Charter School Law; Timeliness of Decision Not to Renew Charter
Eastern Univ. Acad. Charter Sch. v. School Dist. of Philadelphia, 2020 WL 3886021 (Pa. Cmwlth. 2020) (unreported), allocatur granted Apr. 7, 2021, appeal docket 16 EAP 2021
This case arises from the School Reform Commission of the School District of Philadelphia’s (SRC)’s decision not to renew the Eastern University Academy Charter School (the Academy)’s Charter pursuant to Section 1729-A(a) of the Charter School Law (Causes for nonrenewal or termination), which states, in relevant part:
During the term of the charter or at the end of the term of the charter, the local board of school directors may choose to revoke or not to renew the charter based on any of the following:
(1) One or more material violations of any of the conditions, standards or procedures contained in the written charter signed pursuant to section 1720-A [of the Charter School Law, 24 P.S. § 17-1720-A].
(2) Failure to meet the requirements for student performance set forth in 22 Pa. Code Ch. 5 (relating to curriculum) or subsequent regulations promulgated to replace 22 Pa. Code Ch. 5 or failure to meet any performance standard set forth in the written charter signed pursuant to section 1716-A [of the Charter School Law, 24 P.S. § 17-1716-A].
(3) Failure to meet generally accepted standards of fiscal management or audit requirements.
(4) Violation of provisions of this article.
(5) Violation of any provision of law from which the charter school has not been exempted, including Federal laws and regulations governing children with disabilities.
(6) The charter school has been convicted of fraud.
Slip op. at 28 (emphasis added by Commonwealth Court). The Academy appealed the nonrenewal to the State Charter School Appeal Board (CAB), arguing that, inter alia, “based upon the plain language of section 1729-A(a) of the Charter School Law the School District was required to render its decision on whether to renew the Academy’s Charter prior to the June 30, 2017 expiration of the 2012 Charter term—for which renewal was sought” and that the District’s failure to meet this deadline extinguished the District’s right to seek termination or nonrenewal of the Academy’s Charter for the term that has passed. CAB rejected the Academy’s argument, concluding that the plain statutory language of section 1729-A(a) does not require nonrenewal proceedings to conclude before the end of a charter term, and affirmed the nonrenewal. The Academy appealed to Commonwealth Court.
Commonwealth Court held that section 1729-A of the Charter School Law does not contains a mandatory deadline by which a school district must decide whether to renew a charter which is expiring, concluding that:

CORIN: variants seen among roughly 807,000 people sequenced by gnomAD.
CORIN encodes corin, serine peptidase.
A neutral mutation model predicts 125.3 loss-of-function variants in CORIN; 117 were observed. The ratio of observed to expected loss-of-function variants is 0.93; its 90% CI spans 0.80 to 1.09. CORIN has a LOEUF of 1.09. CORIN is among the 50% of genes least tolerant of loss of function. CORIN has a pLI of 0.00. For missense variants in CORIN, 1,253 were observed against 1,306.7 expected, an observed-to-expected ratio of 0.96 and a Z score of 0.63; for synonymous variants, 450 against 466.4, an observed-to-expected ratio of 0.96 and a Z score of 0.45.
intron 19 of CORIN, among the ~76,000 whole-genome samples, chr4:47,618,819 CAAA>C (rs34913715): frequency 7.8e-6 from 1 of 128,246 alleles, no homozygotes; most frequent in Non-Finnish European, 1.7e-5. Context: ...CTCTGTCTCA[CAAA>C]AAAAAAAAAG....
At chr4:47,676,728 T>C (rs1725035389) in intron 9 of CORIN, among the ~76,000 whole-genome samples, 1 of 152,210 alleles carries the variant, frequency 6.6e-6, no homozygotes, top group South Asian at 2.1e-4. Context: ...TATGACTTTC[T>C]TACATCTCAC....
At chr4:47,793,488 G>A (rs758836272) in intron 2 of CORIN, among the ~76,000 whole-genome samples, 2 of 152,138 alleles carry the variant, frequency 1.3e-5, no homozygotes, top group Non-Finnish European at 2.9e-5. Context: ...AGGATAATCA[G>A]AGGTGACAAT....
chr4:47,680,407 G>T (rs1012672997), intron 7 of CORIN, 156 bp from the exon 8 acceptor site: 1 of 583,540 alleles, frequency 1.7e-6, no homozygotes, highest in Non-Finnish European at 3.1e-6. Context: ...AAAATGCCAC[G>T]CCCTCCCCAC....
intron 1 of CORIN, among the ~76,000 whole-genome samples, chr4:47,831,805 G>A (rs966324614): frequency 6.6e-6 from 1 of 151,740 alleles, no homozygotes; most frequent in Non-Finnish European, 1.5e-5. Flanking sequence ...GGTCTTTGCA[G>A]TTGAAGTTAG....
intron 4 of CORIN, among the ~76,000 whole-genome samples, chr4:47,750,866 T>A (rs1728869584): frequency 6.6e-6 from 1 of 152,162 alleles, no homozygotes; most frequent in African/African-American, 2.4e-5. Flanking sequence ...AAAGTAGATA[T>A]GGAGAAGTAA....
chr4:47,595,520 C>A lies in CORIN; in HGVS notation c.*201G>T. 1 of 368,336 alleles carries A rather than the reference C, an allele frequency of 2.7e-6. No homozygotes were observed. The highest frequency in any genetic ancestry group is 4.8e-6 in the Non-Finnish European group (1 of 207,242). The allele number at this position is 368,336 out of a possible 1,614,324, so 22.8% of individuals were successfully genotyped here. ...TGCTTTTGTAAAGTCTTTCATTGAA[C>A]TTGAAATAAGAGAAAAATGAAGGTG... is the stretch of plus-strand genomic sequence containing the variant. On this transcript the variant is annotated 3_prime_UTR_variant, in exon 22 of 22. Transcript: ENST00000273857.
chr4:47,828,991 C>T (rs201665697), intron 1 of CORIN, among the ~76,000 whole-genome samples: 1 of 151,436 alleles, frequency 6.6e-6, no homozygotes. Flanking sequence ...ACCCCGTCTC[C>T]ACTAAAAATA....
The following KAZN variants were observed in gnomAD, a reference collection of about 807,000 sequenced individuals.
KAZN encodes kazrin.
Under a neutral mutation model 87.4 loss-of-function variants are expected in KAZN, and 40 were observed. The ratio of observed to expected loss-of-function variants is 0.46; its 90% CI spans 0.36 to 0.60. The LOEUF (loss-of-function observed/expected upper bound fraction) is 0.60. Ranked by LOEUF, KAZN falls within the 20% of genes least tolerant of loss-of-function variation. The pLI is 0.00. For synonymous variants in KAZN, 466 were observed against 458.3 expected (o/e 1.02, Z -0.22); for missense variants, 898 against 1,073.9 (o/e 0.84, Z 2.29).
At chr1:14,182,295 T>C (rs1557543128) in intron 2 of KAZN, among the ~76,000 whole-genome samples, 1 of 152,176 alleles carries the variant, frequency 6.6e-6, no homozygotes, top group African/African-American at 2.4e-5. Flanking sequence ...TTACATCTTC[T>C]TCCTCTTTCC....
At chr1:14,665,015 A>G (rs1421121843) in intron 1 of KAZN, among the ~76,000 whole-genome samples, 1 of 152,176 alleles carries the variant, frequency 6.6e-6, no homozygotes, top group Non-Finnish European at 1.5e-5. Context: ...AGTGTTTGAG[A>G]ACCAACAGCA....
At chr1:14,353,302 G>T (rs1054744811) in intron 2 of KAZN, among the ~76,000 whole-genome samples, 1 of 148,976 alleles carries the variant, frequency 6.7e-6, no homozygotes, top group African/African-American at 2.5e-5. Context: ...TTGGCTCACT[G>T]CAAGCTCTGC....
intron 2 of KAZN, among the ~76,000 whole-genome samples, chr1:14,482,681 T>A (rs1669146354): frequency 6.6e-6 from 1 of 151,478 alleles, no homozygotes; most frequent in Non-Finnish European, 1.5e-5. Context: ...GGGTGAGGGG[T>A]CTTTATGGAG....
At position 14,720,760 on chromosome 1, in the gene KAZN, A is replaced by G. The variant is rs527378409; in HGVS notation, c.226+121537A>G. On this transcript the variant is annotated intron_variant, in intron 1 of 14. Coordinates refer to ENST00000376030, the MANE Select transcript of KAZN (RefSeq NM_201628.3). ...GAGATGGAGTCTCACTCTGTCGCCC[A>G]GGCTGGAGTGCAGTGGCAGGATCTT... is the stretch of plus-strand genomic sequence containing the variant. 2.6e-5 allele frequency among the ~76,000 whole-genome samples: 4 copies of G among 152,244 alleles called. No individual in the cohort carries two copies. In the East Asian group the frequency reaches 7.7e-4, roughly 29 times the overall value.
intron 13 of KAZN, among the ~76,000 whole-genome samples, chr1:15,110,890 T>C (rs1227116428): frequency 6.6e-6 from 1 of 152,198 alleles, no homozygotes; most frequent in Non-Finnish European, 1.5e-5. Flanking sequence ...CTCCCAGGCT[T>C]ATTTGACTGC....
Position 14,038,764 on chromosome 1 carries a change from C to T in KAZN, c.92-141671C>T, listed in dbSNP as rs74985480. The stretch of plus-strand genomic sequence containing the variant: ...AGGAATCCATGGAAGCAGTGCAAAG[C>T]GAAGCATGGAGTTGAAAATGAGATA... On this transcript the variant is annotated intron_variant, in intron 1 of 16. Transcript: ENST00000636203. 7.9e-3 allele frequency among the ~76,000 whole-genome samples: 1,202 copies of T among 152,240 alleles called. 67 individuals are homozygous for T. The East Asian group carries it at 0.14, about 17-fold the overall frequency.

Section 1729-A sets forth the specific grounds upon which a school district may revoke or not renew a school charter. The clear and unambiguous language in the Charter School Law reflects that the statute does not contain any definite or specific deadline by which the SRC had to issue its decision on the Academy’s nonrenewal. The language is permissive, not mandatory, and provides simply that a school district may decide to revoke a charter during its term or to not renew a charter at the end of its term. It gives the school district two choices: (1) it may decide to “revoke” a charter during its term; or (2) to not “renew” a charter at the end of its term. Here, the Academy’s Charter was expiring and the Academy submitted an application to renew. Pursuant to section 1729-A of the Charter School Law, the School Board was limited to the grounds enumerated in that section when making that decision. Section 1729-A says absolutely nothing about any deadlines by which a school district must render its decision to revoke or not to renew.
The language “during the term of” is a reference to the school district’s ability to “revoke” a charter during its term. The language “at the end of” simply relates back to the school district’s ability to decide not to “renew” a charter at the end of its term. Taken to its logical conclusion, the Academy’s argument is tantamount to asserting that a school district can never decide not to renew a charter under the Charter School Law unless the nonrenewal proceedings are completed “by” the end, or prior to or on the expiration date of the charter school’s charter. If the Legislature intended to require a school district to issue its final decision not to renew a charter by a particular date or prior to the expiration of the charter term, it would have clearly indicated there was a deadline to do so in the Charter School Law. Such mandatory language does not appear in the Charter School Law, and we decline to expand the provisions by adding to it the requirement that a school district must issue its decision not to renew a charter on a date prior to the end of the charter term.
Slip op. at 29-30.
The Pennsylvania Supreme Court granted allocatur as to the following issue:
Is a school district’s decision to nonrenew a charter school’s charter agreement untimely where the decision has been rendered after the expiration of the charter term for which renewal was sought?